Robert B. Cialdini


The Reciprocity Principle tells us to repay others when they do something for us.

People feel obliged to give back to others in the form of a behavior, gift, or service they have received first.


The Consistency Principle says that humans have an obsession with sticking to their guns. Once we’ve committed to something, we pressure ourselves to conform to that commitment.

A well-known principle of human behavior says that when we ask someone to do us a favor we will be more successful if we provide a reason. People simply like to have reasons for what they do.

By signing the petition, residents came to view themselves as civic-minded, public-spirited citizens. With this newfound identity, the Consistency Principle did the rest of the work: they complied in order to be consistent with their new vision of themselves.

Writing something down requires effort: and the more effort that goes into making a commitment, the more likely it is to influence our beliefs and behavior.

The worse the hazing(a ritual that involves risk, pain, or harm) is, the more your mind needs to convince you that joining the group will be a positive, fulfilling experience. Thus, hazing binds new recruits closer to the group through commitment and consistency: you invest more into the group, because it’s impossible to stomach the idea that you went through all this hazing for something you don’t actually want.

Social proof

We decide what’s correct based on what other people think is correct.

It’s why television producers add laugh tracks to unfunny sitcoms: they know that, through social proof, we’ll be more likely to laugh if we hear others laughing

If lots of other people are doing something or thinking something, then it must be good and worthy of imitation.


People prefer to say yes to those that they like.

Experiments have demonstrated that attractive people are more likely to get help when in need and are more persuasive in changing an audience’s opinions.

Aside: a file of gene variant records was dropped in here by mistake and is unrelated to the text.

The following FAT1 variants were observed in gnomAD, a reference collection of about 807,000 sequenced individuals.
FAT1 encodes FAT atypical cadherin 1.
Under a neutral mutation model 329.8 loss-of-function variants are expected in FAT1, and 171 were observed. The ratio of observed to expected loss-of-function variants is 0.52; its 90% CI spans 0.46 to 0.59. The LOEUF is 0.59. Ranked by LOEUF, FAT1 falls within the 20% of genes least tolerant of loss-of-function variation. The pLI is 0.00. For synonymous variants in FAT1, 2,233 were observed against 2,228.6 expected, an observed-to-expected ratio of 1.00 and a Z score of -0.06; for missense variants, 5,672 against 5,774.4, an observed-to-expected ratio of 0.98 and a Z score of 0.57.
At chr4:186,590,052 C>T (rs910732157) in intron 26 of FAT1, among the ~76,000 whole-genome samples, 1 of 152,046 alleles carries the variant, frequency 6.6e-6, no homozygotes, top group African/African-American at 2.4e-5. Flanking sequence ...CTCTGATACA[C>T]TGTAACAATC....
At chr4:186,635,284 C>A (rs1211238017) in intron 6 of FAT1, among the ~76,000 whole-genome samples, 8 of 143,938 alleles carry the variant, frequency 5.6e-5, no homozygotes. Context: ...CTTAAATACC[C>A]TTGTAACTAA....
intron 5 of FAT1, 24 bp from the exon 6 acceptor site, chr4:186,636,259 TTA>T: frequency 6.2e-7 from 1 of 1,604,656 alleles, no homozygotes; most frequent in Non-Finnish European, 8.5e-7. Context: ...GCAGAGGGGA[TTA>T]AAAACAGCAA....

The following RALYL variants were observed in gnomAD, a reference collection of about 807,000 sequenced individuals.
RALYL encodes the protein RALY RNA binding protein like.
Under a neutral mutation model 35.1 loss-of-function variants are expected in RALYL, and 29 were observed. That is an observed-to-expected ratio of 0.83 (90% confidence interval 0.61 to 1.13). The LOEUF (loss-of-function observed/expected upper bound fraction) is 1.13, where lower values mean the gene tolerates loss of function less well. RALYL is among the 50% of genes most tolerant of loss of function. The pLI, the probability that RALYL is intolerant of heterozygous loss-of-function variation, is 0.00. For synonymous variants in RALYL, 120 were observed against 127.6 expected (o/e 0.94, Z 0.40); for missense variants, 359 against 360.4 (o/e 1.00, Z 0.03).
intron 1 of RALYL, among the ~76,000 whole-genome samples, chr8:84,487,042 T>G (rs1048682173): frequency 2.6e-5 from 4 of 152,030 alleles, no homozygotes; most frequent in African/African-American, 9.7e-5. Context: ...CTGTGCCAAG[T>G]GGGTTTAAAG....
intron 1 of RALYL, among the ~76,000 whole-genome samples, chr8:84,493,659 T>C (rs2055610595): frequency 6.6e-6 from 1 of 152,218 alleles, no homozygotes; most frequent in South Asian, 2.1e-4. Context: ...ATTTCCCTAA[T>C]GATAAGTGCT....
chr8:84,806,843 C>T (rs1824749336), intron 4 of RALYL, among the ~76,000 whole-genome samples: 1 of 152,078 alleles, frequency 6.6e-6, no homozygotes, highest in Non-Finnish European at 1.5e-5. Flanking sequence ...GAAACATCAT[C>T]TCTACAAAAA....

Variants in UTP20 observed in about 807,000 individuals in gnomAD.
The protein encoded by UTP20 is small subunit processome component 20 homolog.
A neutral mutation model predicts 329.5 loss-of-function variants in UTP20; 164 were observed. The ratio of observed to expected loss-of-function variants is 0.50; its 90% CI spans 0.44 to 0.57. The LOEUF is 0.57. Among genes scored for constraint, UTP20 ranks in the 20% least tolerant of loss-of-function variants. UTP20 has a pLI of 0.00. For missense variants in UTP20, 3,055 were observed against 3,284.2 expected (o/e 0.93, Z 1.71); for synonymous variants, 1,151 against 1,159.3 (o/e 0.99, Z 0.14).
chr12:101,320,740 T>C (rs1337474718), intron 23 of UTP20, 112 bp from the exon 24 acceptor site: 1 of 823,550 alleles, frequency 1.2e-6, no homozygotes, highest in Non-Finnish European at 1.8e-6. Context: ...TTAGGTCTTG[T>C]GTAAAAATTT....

We like people who are similar to us. This fact seems to hold true whether the similarity is in opinions, personality traits, background, or lifestyle.

We like people who are similar to us, we like people who pay us compliments, and we like people who cooperate with us towards mutual goals.


People follow the lead of credible, knowledgeable experts. For example, physiotherapists can persuade more of their patients to comply with recommended exercise programs if they display their medical diplomas on the walls of their consulting rooms.

People are hard-wired to comply with requests that come from an acknowledged and accepted source of authority.


People want more of what they struggle to acquire. People seem more motivated by the thought of losing something than by the thought of gaining something of equal value.

We will find a piece of information more persuasive if we think we can’t get it elsewhere.

We find more appealing those things with limited availability. Thus, rare goods are expensive, abundant items are cheap.

We’re more afraid of losing something than we are enticed by the hope of gaining something of equal value.

Psychological reactance makes us want what we can’t have. It’s the forbidden fruit, the scarcity, that makes it attractive.


There is a natural human tendency to dislike a person who brings us unpleasant information, even when that person did not cause the bad news. The simple association with it is enough to stimulate our dislike.

Salespeople always want to show you the most expensive model first.

If you buy the expensive model at first sight, then that’s obviously a win for the salesperson. But if you reject it, they’ll then show you the more reasonably-priced model. By contrast, it will look far more affordable than it really is.

If you sell the suit first, when the man browses the sweaters, their prices will not appear as high in comparison. A man might balk at the idea of spending $95 for a sweater, but if he has just bought a $495 suit, a $95 sweater does not seem excessiv


When people are uncertain, they will look to others’ actions and behaviors to determine their own.

Since 95 percent of people are imitators and only 5 percent initiators, people are persuaded more by others’ actions than by any proof we can offer.

Pluralistic Ignorance is a state in which each person decides that nothing is wrong since nobody is concerned.

A lot of persuasion rests on the manipulation of human fixed-action patterns. Fixed-action patterns are the mental shortcuts and assumptions that we use to fill in the blanks of our everyday experience. For example, we assume that when other drivers on the road are braking, we should brake too.

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